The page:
The Tender Years Doctrine

The tender years doctrine has been in the law for centuries, and it often arises in divorce proceedings. It’s a legal principle that presumes that a mother should have custody of a child during his formative years. This doctrine assumes that mothers have better-nurturing abilities and that children bond better with their moms.

The tender years doctrine doesn’t consider if the mother is fit to raise the child or account for the father’s parental rights. While this doctrine has several criticisms, some judges may still be biased towards awarding custody of infants to mothers. Divorcing fathers can hire custody lawyers in West Chester PA, to help protect their parental rights in court.

History of the Tender Years Doctrine

Before the 19th century, fathers had sole custody rights because of their ability to provide for their children financially. Women generally had legal restrictions at the time, and most of their rights came from their husbands or fathers. As such, mothers had no right to raise their children after a divorce.

However, in the early 19th century, a prominent British feminist, Caroline Norton, began campaigning for women’s custody rights. Norton had recently divorced, and the courts denied her custody of her children. She was able to successfully convince the British parliament to award custody of young children to mothers.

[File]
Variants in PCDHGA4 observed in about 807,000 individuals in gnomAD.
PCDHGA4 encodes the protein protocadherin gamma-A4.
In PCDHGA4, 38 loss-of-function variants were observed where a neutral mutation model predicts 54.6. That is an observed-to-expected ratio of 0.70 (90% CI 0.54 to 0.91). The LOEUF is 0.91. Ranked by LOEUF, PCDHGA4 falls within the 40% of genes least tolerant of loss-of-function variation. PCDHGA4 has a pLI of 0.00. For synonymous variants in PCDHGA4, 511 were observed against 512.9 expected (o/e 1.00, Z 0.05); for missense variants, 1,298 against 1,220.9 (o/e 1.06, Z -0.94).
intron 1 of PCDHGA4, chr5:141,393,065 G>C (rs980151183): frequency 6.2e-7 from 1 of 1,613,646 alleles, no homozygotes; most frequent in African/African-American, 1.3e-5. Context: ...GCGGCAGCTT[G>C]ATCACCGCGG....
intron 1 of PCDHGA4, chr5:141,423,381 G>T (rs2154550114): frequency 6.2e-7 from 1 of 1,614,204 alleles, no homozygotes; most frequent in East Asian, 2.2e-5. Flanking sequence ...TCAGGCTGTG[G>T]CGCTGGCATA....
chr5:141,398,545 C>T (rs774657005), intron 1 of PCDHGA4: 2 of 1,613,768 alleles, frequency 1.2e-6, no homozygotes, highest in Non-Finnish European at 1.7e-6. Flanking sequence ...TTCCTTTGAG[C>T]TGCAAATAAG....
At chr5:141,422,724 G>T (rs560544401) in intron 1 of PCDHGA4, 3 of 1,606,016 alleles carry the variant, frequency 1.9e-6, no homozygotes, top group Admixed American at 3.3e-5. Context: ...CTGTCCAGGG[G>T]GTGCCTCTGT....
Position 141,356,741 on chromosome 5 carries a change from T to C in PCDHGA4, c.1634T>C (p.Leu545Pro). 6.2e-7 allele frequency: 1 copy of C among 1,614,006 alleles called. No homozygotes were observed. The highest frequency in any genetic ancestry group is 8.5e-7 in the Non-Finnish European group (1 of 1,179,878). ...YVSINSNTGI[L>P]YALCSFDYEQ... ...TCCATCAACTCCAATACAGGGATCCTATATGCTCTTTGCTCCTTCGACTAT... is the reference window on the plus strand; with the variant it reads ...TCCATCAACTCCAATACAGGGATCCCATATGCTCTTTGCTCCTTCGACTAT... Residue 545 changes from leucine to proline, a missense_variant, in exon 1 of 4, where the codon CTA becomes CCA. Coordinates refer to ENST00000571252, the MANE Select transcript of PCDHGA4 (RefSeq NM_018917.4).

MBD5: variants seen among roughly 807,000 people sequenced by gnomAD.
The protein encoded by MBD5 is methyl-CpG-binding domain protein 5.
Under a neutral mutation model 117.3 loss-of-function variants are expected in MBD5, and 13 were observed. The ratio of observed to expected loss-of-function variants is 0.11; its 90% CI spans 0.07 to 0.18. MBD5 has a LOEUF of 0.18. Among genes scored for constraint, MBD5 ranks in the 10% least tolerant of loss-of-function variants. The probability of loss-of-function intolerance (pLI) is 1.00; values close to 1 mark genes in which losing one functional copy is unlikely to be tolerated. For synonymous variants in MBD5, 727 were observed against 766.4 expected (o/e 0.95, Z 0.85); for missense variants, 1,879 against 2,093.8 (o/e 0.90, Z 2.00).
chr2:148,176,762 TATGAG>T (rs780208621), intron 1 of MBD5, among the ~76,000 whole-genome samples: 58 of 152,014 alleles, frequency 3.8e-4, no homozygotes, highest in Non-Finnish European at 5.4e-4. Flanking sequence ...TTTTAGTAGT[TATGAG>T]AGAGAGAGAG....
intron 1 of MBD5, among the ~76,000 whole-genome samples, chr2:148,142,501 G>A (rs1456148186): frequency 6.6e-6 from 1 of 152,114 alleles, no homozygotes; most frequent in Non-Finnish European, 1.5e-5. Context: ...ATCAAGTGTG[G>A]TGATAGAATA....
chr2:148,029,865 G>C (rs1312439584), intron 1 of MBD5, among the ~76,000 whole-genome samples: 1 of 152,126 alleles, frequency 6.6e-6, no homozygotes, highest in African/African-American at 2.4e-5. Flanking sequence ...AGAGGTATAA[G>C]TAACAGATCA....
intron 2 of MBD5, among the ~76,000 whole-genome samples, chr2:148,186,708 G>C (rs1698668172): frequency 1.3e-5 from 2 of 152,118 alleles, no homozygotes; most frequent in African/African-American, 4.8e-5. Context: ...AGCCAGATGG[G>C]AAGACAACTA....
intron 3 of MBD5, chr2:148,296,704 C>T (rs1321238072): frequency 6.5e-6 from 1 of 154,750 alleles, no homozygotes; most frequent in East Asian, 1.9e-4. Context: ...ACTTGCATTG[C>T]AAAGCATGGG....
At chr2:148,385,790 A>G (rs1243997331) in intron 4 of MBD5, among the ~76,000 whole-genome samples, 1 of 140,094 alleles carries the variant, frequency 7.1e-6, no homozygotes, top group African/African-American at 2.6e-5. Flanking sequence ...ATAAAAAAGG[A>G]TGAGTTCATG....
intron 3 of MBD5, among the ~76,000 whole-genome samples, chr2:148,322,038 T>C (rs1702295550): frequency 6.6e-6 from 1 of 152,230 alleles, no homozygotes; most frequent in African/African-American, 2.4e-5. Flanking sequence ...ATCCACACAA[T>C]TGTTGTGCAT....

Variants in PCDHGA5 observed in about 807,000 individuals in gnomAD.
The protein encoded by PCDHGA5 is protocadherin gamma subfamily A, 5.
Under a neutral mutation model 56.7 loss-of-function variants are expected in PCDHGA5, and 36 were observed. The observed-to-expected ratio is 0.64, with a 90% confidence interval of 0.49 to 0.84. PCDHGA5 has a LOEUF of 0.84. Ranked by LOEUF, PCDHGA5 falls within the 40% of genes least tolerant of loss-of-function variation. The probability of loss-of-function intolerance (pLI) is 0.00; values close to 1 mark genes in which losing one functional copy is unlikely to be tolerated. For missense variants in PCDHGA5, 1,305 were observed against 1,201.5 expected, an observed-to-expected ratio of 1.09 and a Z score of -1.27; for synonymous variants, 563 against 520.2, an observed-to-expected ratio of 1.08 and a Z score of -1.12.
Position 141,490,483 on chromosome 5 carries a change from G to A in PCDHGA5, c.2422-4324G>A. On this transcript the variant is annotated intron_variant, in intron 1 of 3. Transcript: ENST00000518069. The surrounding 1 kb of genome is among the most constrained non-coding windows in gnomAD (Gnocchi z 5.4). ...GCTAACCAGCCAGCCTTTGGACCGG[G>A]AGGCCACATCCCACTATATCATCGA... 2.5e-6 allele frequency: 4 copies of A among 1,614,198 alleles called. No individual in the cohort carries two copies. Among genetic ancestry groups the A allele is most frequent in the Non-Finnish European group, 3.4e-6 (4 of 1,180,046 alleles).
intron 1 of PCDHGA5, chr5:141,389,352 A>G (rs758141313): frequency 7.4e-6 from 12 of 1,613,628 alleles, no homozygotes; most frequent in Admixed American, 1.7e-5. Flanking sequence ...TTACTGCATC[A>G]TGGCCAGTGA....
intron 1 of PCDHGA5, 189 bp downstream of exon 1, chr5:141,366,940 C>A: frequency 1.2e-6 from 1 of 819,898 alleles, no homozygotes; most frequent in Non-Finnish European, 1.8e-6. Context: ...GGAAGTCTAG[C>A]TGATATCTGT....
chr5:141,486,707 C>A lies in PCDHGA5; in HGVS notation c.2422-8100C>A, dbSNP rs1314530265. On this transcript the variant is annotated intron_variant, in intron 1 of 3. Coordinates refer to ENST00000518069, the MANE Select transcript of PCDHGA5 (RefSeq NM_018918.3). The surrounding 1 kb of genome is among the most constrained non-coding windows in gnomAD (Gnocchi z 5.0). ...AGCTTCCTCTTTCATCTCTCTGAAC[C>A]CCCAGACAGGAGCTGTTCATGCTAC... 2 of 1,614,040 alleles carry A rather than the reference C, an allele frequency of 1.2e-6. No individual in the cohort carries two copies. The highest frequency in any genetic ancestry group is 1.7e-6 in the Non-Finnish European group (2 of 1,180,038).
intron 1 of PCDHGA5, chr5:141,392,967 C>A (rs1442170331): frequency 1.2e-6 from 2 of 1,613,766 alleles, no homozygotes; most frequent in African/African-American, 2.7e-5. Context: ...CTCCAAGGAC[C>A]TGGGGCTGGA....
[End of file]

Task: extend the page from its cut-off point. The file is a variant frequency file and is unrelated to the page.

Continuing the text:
An enactment came into law, which allowed judges to award maternal custody for children under the age of seven. Some years later, the British parliament extended the presumption of maternal to children up to 16 years old.

The tender years doctrine spread widely across Europe and America for over a hundred years. However, at the end of the 20th century, most US states began scrapping this doctrine due to its many shortcomings.

Criticisms of the Tender Years Doctrine

Various courts assert that the tender years doctrine contravenes the fourteenth amendment’s equal protection clause. This constitution violation discriminates against gender equality. Also, it doesn’t recognize that both parents play an essential role in a child’s developmental years.

Fathers contesting against the doctrine had to prove that mothers were unfit to raise their children. Critics argue that the fact that mothers didn’t need to prove that a father is unfit is also gender-biased. Finally, the doctrine doesn’t take into account the best interest of the child.

The Tender Years Doctrine Today

Many states have new laws guiding custody determination to accommodate for the shortcomings of the tender years doctrine. Today, the best interest of the child’s standard and other factors guides a court’s decision in awarding custody. This standard is gender-neutral and offers an appropriate arrangement for both parents and children.

Also, unlike in the 19th century, more mothers work full-time now, and the tender years doctrine can no longer be applicable. Co-parenting and shared custody arrangements have become the new norm.

So, if you’re going through a divorce, both you and your spouse have equal rights to legal and physical custody. Consider hiring one of the best custody lawyers in West Chester, PA, to stand on your behalf.


There has been a shift from the tender years doctrine to the best interest of the child’s standard in granting custody. However, despite the change, critics feel that some judges may be gender-biased, especially in the lower courts.

If you’re a father seeking custody, the best thing you can do to protect your rights is to meet with one of the custody lawyers in West Chester, PA.

Steven B. Stock

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